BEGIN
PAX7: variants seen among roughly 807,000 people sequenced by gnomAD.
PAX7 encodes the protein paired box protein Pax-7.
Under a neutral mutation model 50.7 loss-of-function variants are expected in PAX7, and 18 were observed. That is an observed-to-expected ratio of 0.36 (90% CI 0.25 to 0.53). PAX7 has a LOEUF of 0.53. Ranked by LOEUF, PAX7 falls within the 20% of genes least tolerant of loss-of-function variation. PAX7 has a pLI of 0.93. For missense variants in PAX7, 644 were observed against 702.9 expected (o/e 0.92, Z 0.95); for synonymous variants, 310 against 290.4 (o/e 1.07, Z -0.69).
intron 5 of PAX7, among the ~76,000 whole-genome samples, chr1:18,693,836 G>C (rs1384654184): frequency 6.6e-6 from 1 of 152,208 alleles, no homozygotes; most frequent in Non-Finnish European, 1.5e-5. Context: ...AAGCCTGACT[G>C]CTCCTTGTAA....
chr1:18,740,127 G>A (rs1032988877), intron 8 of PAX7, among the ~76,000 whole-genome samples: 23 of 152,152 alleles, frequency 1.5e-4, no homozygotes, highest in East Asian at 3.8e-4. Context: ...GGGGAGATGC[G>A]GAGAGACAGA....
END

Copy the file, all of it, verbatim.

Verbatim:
PAX7: variants seen among roughly 807,000 people sequenced by gnomAD.
PAX7 encodes the protein paired box protein Pax-7.
Under a neutral mutation model 50.7 loss-of-function variants are expected in PAX7, and 18 were observed. That is an observed-to-expected ratio of 0.36 (90% CI 0.25 to 0.53). PAX7 has a LOEUF of 0.53. Ranked by LOEUF, PAX7 falls within the 20% of genes least tolerant of loss-of-function variation. PAX7 has a pLI of 0.93. For missense variants in PAX7, 644 were observed against 702.9 expected (o/e 0.92, Z 0.95); for synonymous variants, 310 against 290.4 (o/e 1.07, Z -0.69).
intron 5 of PAX7, among the ~76,000 whole-genome samples, chr1:18,693,836 G>C (rs1384654184): frequency 6.6e-6 from 1 of 152,208 alleles, no homozygotes; most frequent in Non-Finnish European, 1.5e-5. Context: ...AAGCCTGACT[G>C]CTCCTTGTAA....
chr1:18,740,127 G>A (rs1032988877), intron 8 of PAX7, among the ~76,000 whole-genome samples: 23 of 152,152 alleles, frequency 1.5e-4, no homozygotes, highest in East Asian at 3.8e-4. Context: ...GGGGAGATGC[G>A]GAGAGACAGA....